Uber, Lyft will start Dec. 1 in Medford
Uber and Lyft drivers will gear up for their first passengers in Medford Dec. 1 after the City Council Thursday night agreed to allow the international ride-sharing companies to compete with local taxis.
On a 7-to-1 vote, the council approved an ordinance that provides a framework for how the transportation network companies should operate in the city, a framework patterned after other Oregon cities such as Bend.
Craig Cooper, with the National Federation of the Blind and a local resident, said his organization supports Uber and Lyft because the blind need more transportation options.
“When you call a cab, you wait and wait and wait,” he said.
Uber and Lyft are fast and affordable, and they will benefit the overall population of the city, Cooper said.
Local taxi companies have opposed the move, saying it will put 10 to 20 companies out of business along with drivers.
Uber and Lyft generally supported the ordinance, though they opposed some of the language, including a requirement that drivers must take the most direct route. If a crash occurs on Interstate 5, they said, it may be better to take surface streets to get the customer to the destination faster.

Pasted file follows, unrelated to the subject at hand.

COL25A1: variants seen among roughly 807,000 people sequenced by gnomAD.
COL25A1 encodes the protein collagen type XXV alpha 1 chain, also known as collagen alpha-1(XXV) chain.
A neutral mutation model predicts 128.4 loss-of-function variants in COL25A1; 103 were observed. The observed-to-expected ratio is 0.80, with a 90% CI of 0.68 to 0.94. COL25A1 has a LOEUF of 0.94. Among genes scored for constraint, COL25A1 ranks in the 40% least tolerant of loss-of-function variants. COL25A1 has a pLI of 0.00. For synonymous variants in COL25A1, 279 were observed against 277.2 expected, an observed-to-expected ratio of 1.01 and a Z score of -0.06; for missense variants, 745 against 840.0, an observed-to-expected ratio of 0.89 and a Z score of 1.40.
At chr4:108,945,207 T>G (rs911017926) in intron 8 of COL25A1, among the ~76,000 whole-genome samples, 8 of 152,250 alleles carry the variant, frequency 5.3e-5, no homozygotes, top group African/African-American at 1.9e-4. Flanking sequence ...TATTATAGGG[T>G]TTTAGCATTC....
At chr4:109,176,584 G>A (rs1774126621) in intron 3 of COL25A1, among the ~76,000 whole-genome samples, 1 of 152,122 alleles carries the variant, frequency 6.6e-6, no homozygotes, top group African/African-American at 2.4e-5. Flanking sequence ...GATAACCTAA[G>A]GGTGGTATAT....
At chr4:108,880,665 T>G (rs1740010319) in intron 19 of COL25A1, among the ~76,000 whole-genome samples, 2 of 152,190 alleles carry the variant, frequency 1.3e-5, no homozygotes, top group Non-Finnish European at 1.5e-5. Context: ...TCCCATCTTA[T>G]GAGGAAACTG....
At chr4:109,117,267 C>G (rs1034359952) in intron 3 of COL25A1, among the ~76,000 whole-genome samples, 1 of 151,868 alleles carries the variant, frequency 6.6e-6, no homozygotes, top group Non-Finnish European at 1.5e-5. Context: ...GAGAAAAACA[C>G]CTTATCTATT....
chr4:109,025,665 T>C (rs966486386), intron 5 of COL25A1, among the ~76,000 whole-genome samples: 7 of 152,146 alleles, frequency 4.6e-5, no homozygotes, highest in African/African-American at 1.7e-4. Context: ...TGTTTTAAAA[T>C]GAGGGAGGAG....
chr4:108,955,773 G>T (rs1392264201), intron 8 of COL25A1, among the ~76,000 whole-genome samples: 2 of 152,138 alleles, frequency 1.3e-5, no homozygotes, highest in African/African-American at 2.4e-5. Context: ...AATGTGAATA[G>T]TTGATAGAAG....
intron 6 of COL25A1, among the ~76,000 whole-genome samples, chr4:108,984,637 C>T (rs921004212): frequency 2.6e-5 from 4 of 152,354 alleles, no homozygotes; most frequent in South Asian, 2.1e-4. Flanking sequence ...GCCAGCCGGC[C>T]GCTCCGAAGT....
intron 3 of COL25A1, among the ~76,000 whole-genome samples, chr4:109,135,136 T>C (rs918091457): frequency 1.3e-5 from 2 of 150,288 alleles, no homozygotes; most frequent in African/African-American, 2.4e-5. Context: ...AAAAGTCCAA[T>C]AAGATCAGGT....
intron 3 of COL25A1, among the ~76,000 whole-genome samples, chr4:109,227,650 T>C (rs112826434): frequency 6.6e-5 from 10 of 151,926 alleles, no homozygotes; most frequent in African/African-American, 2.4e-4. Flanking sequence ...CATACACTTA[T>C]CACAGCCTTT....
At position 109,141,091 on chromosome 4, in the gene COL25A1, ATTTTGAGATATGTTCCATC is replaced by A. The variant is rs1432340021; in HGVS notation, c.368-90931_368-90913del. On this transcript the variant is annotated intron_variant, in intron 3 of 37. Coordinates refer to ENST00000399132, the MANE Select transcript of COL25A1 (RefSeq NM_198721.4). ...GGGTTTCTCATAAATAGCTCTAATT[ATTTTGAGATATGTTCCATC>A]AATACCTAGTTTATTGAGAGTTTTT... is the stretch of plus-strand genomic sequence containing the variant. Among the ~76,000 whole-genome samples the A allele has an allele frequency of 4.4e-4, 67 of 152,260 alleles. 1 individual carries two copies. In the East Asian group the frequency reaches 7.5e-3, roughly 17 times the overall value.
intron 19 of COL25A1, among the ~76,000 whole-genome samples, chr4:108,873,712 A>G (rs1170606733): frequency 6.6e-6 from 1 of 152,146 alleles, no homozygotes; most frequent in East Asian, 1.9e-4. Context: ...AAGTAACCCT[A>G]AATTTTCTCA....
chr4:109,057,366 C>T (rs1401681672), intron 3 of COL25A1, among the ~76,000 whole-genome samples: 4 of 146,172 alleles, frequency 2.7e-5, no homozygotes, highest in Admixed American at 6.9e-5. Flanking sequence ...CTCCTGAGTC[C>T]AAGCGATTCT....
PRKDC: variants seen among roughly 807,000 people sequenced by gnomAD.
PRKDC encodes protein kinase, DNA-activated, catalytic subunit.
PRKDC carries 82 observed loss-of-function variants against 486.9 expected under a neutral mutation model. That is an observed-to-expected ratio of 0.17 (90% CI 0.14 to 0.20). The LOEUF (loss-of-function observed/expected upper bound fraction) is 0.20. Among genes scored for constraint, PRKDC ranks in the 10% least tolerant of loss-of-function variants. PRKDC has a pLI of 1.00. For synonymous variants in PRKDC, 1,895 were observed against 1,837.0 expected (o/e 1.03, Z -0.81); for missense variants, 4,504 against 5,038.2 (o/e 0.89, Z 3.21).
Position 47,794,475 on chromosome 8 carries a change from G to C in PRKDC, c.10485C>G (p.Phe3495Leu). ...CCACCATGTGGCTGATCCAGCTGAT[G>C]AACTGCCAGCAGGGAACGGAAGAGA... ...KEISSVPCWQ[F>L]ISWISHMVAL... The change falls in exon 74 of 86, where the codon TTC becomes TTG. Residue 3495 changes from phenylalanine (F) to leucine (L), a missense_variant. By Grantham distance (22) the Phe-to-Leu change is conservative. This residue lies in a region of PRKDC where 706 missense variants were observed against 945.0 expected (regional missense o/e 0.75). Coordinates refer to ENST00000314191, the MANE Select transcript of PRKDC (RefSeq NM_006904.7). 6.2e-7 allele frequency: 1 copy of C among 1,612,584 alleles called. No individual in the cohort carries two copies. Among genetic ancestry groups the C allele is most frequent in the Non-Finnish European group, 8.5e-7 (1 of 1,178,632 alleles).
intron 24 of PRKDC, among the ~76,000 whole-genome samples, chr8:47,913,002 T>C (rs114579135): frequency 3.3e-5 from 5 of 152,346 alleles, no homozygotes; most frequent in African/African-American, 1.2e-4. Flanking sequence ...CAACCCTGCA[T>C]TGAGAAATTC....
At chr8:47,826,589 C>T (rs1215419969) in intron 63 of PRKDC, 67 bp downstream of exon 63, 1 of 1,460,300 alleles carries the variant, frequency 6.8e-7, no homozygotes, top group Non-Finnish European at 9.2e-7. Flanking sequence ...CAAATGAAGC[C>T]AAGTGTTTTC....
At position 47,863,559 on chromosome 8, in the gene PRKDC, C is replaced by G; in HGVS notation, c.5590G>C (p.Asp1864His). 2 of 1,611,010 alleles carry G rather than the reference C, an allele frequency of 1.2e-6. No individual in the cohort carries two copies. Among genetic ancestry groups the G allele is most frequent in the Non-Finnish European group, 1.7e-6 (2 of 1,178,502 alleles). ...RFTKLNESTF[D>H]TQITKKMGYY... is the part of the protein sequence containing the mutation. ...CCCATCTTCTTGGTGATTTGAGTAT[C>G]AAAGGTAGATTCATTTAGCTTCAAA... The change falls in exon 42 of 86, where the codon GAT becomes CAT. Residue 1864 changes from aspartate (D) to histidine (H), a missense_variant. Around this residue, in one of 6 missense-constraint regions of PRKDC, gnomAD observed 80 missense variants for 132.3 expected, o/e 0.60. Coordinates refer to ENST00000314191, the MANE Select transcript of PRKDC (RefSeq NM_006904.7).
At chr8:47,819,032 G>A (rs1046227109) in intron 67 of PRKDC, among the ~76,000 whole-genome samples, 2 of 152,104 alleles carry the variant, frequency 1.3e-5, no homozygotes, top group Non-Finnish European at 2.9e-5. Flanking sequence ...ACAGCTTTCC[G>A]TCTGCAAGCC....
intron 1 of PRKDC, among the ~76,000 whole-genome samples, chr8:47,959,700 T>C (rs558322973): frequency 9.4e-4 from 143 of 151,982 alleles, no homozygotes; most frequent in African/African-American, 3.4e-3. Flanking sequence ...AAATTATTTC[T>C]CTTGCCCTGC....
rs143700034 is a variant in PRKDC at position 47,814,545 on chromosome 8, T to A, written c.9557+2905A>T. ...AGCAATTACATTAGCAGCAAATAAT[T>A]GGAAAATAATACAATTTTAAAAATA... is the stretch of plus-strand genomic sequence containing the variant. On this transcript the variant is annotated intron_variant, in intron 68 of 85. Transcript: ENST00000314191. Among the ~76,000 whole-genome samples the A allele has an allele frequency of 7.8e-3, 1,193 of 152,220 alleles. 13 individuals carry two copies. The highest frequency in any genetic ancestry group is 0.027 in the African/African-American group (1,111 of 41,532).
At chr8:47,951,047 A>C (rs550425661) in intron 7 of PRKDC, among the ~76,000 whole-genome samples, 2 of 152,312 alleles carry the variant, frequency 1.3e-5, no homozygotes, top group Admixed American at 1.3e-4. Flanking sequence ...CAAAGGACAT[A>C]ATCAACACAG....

Councilor Tim D'Alessandro said he supports this new transportation option.
"We always welcome affordable options for the elderly and disabled community," he said.
City Attorney Lori Cooper said that in Bend, Uber predicted it would have 52 drivers, but after six months in operation it has 573 drivers.
She said it's difficult to predict whether Uber would enjoy the same popularity in Medford.
Under the ordinance, Uber and Lyft would each pay $1,000 for a business license, while individual drivers, considered independent contractors, would pay $60, the same as taxi drivers.
All of the background checks for drivers would be conducted by the businesses, including the taxi companies, instead of by Medford police. The current background check for just Oregon would be expanded to include all 50 states.
Evan Lasley, with the Oregon AFL-CIO, said his union had concerns that Uber and Lyft may leave working families behind. He also cited what he described as Uber’s unscrupulous practices.
“Uber has a blatant disregard for local laws,” he said.
He said drivers are referred to as independent contractors, but Uber controls their working conditions and scheduling.
Councilor Dick Gordon said he thought Lasley was asking the city to do the job of the AFL-CIO.
“You’re the ones who should be taking them on, not the city,” he said. “You have the resources, you have the ability to take them on.”
Lasley said the national organization of the AFL-CIO is currently involved in a lawsuit against Uber.
Councilor Kay Brooks said she wondered whether Uber and Lyft would make enough provisions for people with disabilities. While the companies said they have a non-discrimination policy, they couldn't give 100 percent assurance that they would be able to handle disabled passengers for every ride.
Brooks was the only "no" vote, saying she was ignored by the council when she wanted to ask more questions about the ordinance.